The implant is upper right, all the way in the back. Will I have to pay to have another one implanted? What is the warranty on these things? I wasn't eating anything out of the ordinary, why did it break?
I Got a Dental Implant 5 Years Ago, and It Broke Off! What is my Recourse?
Doctor Answers (13)
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Broken implant- what to do?
Hi. Sorry to hear about your problem.
If the implant itself is fractured, then it must be removed, and site prepared for another implant in several months. Implant fractures do occur very very rarely. Your dentist should evaluate the implant type, your bite scheme, and possibley crown fit factors. Every office handles this differently, but at our office, we warranty the implants for life- should anything happend to the implant such as fracture, we replace it at no cost. Speak to your surgeon and dentist and see what they can offer you.
What causes a Dental Implant to fracture?
A fractured dental implant or implant part is an unexpected problem! First the correct diagnosis must be made by your treating surgeon by taking an xray. If the actual implant is not fractured, it may be the "abutment" or the part that holds the crown on. If this is the case it can be removed and replaced and many dental implant manufacturers will warrenty this so you may not be charged. This is why it is important to go to a specialist that uses the best dental implants with the best warrenty. If on the other hand, the actual dental implant is broken, it will need to be removed. The way it is removed is crucial to the ability to then replace it. It must be carefully removed using the latest technology to that another implant can be placed at the same time if possible. If there is bone loss from the fracture you may need a graft first. Start with the obvious! Get a diagnosis made first!
Recovery for broken dental implant
The dental implants of world-reknown companies like Astra, Straumann, Nobel Biocare have a lifetime warranty. The dental implants with crowns in posterior areas hold up to 60% of all occlusal forces and are essential in adequate chewing of food. Usually the implants that are placed in upper posterior upper areas involve additional grafting of the maxillary sinus in order to get more bone for implant stability and they have a wide diameter around 4.5-6.0 mm. The implants placed in molar area are pretty difficult to break even in the research lab. The bone in upper posterior maxilla is usually is the most porous, has more elasticity and the most poor quality in comparison to other areas. Due to all these factors implant fracture in upper posterior area is extremely rare complication, that so far I`m not able to find in current literature, having in mind that all the rules of original implant placement and restoration have been followed. My assumption is that most likely eather the implant abutment screw is broken or part of the implant crown is broken. These both issues can easily be corrected after the factors that originallly have caused fracture will be evaluated. It should be discussed with your dentist and most likely it will require just minimal treatment like changing the abutment screw or crown.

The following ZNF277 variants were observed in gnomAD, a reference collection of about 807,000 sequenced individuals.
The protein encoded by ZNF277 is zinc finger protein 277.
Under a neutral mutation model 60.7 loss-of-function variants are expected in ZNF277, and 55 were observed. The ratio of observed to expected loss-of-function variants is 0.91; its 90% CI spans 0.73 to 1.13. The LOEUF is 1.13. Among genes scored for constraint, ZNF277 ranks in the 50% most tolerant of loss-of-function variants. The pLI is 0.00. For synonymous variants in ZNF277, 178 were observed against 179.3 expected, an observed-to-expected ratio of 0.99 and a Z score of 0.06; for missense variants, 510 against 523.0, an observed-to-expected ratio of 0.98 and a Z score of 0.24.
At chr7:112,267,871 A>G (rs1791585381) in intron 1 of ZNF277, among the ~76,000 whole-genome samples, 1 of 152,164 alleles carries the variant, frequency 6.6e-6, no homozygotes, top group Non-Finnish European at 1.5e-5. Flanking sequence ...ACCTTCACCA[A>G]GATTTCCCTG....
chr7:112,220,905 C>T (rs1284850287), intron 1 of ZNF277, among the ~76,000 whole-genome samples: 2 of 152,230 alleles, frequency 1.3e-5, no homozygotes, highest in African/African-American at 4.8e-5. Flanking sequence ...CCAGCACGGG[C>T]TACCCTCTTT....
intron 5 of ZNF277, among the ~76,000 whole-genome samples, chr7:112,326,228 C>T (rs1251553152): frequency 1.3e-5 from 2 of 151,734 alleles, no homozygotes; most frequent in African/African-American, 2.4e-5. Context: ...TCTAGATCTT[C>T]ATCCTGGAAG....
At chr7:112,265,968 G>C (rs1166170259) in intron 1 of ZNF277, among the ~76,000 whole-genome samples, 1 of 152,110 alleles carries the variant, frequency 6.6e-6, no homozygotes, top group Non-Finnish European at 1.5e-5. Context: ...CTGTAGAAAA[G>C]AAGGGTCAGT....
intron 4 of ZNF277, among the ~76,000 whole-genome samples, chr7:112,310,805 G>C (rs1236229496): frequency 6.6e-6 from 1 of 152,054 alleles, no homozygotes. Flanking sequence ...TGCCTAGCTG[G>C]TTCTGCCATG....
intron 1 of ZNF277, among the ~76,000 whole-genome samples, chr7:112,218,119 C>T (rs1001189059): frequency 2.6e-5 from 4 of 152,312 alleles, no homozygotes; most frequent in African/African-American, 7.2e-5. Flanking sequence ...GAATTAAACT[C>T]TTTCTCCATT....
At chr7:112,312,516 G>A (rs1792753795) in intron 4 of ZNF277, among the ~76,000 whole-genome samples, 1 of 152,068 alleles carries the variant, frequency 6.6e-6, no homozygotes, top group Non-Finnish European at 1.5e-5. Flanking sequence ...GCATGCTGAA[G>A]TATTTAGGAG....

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In general, dental implants do not break. The actual implant is securely fixed to the bone prior to final restoration. The abutment, or implant extension, rarely fails. It is possible for the screw which holds the abutment to the implant to fracture.
Some implant systems were designed to have the retention screws replaced periodically. If the screw was not tightened properly, it may loosen. This can result in separation of the abutment from the implant or screw fracture. If the screw was torqued beyond manufacturer recommendations, a screw fracture can also result.
Implant manufacturers have specialized instruments available to easily remove and replace a fractured screw. Implant abutments can also be easily replaced. If the implant has indeed fractured, the manufacturer will usually cover it's replacement.
Dental Implants and missing teeth